Rick Brown has been building boats, and cabinets, and stairs, and just about anything else that requires fine carpentry, since he arrived on Martha’s Vineyard in 1974, fresh from boat building school. So when he found himself suddenly without a workshop, and no affordable alternative available, he did what he does best. He built a boat. It will be a floating workshop, big enough to build a 26-foot vessel, and mobile enough to move where he needs to go.
“I’m anxious to get back to work,” Mr. Brown said.
Once he finishes the roof, and moves his boatbuilding tools aboard, he’ll be ready to get back to work. In about two weeks, he estimates, he will begin his first job from the new shop, a wooden work skiff for a customer in Maine.
While getting the materials aboard will be a little bit more difficult than a conventional workshop, launching the finished product will be much easier. He will just open the door, and slide the finished product into the water.
The project started in May, and Mr. Brown said he has worked seven days a week to get the vessel finished. First, he built two large wooden hulls, then a deck, then walls and a roof. It may look like a small workshop, but it’s a boat, floating quite adequately at the moment in Lagoon Pond at the foot of Skiff Avenue.
“It’s not a houseboat,” he said. “It might be tall and red, but it’s a boat.”
Last fall, Mr. Brown’s landlord told him he needed the space his workshop had occupied for the past 12 years. He had to find a new place for his company, Far Cry Boats, to operate.
He spent all winter trying to find workspace at an affordable rent, but couldn’t find anything that would work, he said.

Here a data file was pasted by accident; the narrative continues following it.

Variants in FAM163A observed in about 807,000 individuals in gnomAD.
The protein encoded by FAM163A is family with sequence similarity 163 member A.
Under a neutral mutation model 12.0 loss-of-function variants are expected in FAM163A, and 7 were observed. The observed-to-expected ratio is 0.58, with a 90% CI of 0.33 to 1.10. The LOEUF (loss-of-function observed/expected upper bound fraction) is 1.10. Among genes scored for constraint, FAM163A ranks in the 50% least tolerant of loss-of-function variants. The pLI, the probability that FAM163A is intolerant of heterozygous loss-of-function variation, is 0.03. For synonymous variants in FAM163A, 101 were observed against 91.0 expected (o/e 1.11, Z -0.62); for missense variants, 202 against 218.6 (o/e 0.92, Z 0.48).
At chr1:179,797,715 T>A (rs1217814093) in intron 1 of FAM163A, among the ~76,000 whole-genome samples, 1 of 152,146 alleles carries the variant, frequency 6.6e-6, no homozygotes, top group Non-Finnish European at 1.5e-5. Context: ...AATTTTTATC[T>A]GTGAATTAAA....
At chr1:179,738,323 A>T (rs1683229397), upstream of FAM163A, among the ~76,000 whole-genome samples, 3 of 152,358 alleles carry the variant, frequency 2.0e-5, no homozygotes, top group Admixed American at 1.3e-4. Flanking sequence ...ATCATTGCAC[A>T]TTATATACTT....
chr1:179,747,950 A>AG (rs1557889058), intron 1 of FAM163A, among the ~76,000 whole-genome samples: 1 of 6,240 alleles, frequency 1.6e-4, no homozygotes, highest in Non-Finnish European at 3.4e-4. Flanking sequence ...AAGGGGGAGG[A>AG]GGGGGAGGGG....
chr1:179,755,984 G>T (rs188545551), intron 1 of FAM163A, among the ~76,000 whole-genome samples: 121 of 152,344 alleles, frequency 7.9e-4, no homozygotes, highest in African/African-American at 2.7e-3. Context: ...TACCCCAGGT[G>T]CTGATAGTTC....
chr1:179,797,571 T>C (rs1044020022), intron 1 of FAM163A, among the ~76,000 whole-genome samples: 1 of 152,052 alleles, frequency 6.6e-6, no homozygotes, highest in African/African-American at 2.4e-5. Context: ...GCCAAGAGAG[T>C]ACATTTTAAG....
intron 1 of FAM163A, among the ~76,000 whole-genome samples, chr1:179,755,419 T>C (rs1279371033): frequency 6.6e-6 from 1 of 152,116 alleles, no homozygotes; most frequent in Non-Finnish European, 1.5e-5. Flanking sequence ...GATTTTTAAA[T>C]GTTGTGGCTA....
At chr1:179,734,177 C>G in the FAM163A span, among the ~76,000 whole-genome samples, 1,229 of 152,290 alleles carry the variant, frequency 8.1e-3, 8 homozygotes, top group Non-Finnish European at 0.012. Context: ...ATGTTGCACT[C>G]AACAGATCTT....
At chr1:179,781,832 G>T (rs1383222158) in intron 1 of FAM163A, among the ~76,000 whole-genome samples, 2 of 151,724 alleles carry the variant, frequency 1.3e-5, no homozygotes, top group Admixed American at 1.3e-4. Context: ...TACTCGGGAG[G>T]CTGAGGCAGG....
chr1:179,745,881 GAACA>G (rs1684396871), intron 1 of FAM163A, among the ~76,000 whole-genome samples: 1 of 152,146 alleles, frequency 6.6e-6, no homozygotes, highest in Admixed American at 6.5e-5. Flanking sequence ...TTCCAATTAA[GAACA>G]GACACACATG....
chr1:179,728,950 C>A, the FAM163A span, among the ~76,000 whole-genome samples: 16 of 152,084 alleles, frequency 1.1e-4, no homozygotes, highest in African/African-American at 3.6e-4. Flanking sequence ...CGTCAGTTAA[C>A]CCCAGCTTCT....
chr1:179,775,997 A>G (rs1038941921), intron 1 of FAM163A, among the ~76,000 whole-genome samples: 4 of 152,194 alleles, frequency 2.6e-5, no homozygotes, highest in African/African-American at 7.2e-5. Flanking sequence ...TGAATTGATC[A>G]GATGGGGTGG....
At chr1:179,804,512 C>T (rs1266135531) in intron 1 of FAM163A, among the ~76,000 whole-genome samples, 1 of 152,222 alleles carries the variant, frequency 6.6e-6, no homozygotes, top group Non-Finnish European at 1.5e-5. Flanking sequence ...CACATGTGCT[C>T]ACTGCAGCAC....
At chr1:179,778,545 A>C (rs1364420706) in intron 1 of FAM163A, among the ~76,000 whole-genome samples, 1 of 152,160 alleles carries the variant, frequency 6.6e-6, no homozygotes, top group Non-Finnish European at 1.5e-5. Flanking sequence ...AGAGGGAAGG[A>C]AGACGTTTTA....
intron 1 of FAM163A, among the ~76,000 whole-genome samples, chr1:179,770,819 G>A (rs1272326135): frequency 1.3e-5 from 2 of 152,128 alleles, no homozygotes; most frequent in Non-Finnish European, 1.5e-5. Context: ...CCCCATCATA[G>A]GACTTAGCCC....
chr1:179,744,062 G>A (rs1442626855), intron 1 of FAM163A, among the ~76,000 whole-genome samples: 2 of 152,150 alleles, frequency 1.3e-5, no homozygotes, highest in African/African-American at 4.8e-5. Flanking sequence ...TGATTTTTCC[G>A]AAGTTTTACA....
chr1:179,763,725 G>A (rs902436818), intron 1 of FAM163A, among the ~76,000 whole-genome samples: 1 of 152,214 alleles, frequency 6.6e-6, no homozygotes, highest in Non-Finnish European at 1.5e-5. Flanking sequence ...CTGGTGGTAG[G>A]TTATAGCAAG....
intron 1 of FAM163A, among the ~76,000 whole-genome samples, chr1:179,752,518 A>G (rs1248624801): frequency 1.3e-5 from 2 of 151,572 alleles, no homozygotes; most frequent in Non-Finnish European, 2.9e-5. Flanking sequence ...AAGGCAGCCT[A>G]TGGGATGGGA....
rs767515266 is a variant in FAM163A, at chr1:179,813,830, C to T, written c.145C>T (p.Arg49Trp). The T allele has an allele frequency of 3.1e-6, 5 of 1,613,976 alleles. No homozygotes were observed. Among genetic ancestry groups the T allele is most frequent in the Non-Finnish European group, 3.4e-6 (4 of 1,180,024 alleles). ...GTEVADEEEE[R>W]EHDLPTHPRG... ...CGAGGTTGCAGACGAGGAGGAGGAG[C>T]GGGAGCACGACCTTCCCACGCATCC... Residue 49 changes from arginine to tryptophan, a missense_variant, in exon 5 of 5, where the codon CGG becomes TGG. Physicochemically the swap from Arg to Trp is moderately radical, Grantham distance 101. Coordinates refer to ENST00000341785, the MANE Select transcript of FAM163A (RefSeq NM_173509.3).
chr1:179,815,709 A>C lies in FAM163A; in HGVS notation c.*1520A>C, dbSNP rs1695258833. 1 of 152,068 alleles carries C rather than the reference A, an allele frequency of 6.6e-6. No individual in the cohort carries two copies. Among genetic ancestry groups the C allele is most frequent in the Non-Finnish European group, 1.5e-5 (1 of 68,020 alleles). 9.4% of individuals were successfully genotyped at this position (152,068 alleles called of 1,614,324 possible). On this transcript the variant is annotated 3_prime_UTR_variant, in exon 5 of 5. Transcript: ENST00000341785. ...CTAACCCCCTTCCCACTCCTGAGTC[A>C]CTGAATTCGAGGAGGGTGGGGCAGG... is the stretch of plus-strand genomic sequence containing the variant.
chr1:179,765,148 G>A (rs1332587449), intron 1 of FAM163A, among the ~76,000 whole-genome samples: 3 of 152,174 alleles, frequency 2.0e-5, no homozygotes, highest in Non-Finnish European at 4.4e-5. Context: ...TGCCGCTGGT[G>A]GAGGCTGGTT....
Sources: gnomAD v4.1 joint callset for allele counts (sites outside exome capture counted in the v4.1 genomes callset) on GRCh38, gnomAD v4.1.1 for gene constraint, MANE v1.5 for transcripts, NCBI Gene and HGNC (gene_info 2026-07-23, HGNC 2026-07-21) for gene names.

“It’s really too bad there’s not more commercial space available for trades people,” Mr. Brown said. “I didn’t want to go back to being a pickup truck carpenter. Once you’re a shop guy, you’re a shop guy.”
The small facility will have everything Mr. Brown needs to continue his business. It’s 40 feet long, 16 feet wide, and draws about a foot of water. Power comes from a diesel generator on board. It is designed to withstand ice if the Lagoon freezes over. He gets back and forth by drawing a boat by hand along a line secured on shore.
“My favorite is building small skiffs,” Mr. Brown said. “There’s dozens around here I’ve built. But repair work is the bread and butter.”
A floating workshop has its advantages, and its disadvantages. All the materials that go into the project need to be hauled a short distance over the water. If he is building cabinetry or stairs, the finished product will have to go back the same way.
In such a small space, Mr. Brown said he will have to be organized and careful. He will have a carry in, carry out policy.
“I used to go to the landfill about once a week,” Mr. Brown said. “I think I’ll be going a little more often now.”
But if a boat needs repair, Mr. Brown has options. He can move his shop to the boat, or bring the boat alongside his shop. He will not have to haul boats out of the water and transport them to his workshop, as he used to.
“It can go anywhere I want it to,” Mr. Brown said.